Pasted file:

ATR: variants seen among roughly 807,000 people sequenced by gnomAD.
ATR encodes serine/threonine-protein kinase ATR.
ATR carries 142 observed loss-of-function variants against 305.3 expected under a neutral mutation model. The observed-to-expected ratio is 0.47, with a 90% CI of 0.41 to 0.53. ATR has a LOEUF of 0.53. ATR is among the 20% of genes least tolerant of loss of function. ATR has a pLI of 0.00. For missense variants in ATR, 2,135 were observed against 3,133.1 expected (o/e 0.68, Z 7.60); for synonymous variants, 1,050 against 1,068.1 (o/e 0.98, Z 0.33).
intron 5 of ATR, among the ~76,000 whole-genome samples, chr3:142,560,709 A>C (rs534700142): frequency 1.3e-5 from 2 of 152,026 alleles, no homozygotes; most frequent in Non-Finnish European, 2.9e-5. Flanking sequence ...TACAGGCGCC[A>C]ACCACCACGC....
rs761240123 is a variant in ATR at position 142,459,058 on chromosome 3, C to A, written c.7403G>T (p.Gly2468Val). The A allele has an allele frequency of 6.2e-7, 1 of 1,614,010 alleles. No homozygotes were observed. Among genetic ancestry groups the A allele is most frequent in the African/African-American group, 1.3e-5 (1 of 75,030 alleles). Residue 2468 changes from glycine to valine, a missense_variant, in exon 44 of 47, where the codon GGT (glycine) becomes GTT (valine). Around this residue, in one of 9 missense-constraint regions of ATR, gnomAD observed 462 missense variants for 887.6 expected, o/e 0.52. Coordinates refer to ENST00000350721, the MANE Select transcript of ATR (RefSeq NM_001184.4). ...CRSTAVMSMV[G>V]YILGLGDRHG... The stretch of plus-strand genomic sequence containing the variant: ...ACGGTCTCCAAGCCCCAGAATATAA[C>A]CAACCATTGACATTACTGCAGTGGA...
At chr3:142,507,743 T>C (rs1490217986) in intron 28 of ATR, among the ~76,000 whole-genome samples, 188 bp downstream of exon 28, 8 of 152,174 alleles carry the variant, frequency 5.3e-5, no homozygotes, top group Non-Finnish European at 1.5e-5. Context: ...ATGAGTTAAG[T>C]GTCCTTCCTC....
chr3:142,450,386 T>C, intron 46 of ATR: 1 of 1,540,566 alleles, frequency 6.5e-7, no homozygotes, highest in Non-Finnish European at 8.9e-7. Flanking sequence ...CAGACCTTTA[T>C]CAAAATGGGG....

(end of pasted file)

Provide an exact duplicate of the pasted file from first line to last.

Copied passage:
ATR: variants seen among roughly 807,000 people sequenced by gnomAD.
ATR encodes serine/threonine-protein kinase ATR.
ATR carries 142 observed loss-of-function variants against 305.3 expected under a neutral mutation model. The observed-to-expected ratio is 0.47, with a 90% CI of 0.41 to 0.53. ATR has a LOEUF of 0.53. ATR is among the 20% of genes least tolerant of loss of function. ATR has a pLI of 0.00. For missense variants in ATR, 2,135 were observed against 3,133.1 expected (o/e 0.68, Z 7.60); for synonymous variants, 1,050 against 1,068.1 (o/e 0.98, Z 0.33).
intron 5 of ATR, among the ~76,000 whole-genome samples, chr3:142,560,709 A>C (rs534700142): frequency 1.3e-5 from 2 of 152,026 alleles, no homozygotes; most frequent in Non-Finnish European, 2.9e-5. Flanking sequence ...TACAGGCGCC[A>C]ACCACCACGC....
rs761240123 is a variant in ATR at position 142,459,058 on chromosome 3, C to A, written c.7403G>T (p.Gly2468Val). The A allele has an allele frequency of 6.2e-7, 1 of 1,614,010 alleles. No homozygotes were observed. Among genetic ancestry groups the A allele is most frequent in the African/African-American group, 1.3e-5 (1 of 75,030 alleles). Residue 2468 changes from glycine to valine, a missense_variant, in exon 44 of 47, where the codon GGT (glycine) becomes GTT (valine). Around this residue, in one of 9 missense-constraint regions of ATR, gnomAD observed 462 missense variants for 887.6 expected, o/e 0.52. Coordinates refer to ENST00000350721, the MANE Select transcript of ATR (RefSeq NM_001184.4). ...CRSTAVMSMV[G>V]YILGLGDRHG... The stretch of plus-strand genomic sequence containing the variant: ...ACGGTCTCCAAGCCCCAGAATATAA[C>A]CAACCATTGACATTACTGCAGTGGA...
At chr3:142,507,743 T>C (rs1490217986) in intron 28 of ATR, among the ~76,000 whole-genome samples, 188 bp downstream of exon 28, 8 of 152,174 alleles carry the variant, frequency 5.3e-5, no homozygotes, top group Non-Finnish European at 1.5e-5. Context: ...ATGAGTTAAG[T>C]GTCCTTCCTC....
chr3:142,450,386 T>C, intron 46 of ATR: 1 of 1,540,566 alleles, frequency 6.5e-7, no homozygotes, highest in Non-Finnish European at 8.9e-7. Flanking sequence ...CAGACCTTTA[T>C]CAAAATGGGG....